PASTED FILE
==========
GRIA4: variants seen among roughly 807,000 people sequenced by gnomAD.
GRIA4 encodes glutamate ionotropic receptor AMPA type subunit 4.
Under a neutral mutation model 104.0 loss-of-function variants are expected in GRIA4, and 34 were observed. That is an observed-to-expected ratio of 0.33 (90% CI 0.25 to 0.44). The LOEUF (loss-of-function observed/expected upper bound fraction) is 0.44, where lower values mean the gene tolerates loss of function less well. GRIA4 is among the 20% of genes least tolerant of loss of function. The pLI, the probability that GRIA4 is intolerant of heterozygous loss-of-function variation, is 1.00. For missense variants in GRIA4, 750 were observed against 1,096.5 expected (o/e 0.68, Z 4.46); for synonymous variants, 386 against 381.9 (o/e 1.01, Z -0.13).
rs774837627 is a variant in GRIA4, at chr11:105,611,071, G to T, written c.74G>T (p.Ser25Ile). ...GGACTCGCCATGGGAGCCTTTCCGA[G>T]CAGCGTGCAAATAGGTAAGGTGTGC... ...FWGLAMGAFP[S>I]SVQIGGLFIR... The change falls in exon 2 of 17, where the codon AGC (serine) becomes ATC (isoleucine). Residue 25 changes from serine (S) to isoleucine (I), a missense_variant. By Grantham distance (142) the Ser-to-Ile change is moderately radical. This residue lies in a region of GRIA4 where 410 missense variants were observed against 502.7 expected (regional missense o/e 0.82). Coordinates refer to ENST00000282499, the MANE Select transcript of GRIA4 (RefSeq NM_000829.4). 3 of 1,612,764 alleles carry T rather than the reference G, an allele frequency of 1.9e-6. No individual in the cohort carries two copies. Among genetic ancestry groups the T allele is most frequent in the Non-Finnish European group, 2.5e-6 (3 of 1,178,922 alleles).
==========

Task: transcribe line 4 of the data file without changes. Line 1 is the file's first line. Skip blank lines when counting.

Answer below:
rs774837627 is a variant in GRIA4, at chr11:105,611,071, G to T, written c.74G>T (p.Ser25Ile). ...GGACTCGCCATGGGAGCCTTTCCGA[G>T]CAGCGTGCAAATAGGTAAGGTGTGC... ...FWGLAMGAFP[S>I]SVQIGGLFIR... The change falls in exon 2 of 17, where the codon AGC (serine) becomes ATC (isoleucine). Residue 25 changes from serine (S) to isoleucine (I), a missense_variant. By Grantham distance (142) the Ser-to-Ile change is moderately radical. This residue lies in a region of GRIA4 where 410 missense variants were observed against 502.7 expected (regional missense o/e 0.82). Coordinates refer to ENST00000282499, the MANE Select transcript of GRIA4 (RefSeq NM_000829.4). 3 of 1,612,764 alleles carry T rather than the reference G, an allele frequency of 1.9e-6. No individual in the cohort carries two copies. Among genetic ancestry groups the T allele is most frequent in the Non-Finnish European group, 2.5e-6 (3 of 1,178,922 alleles).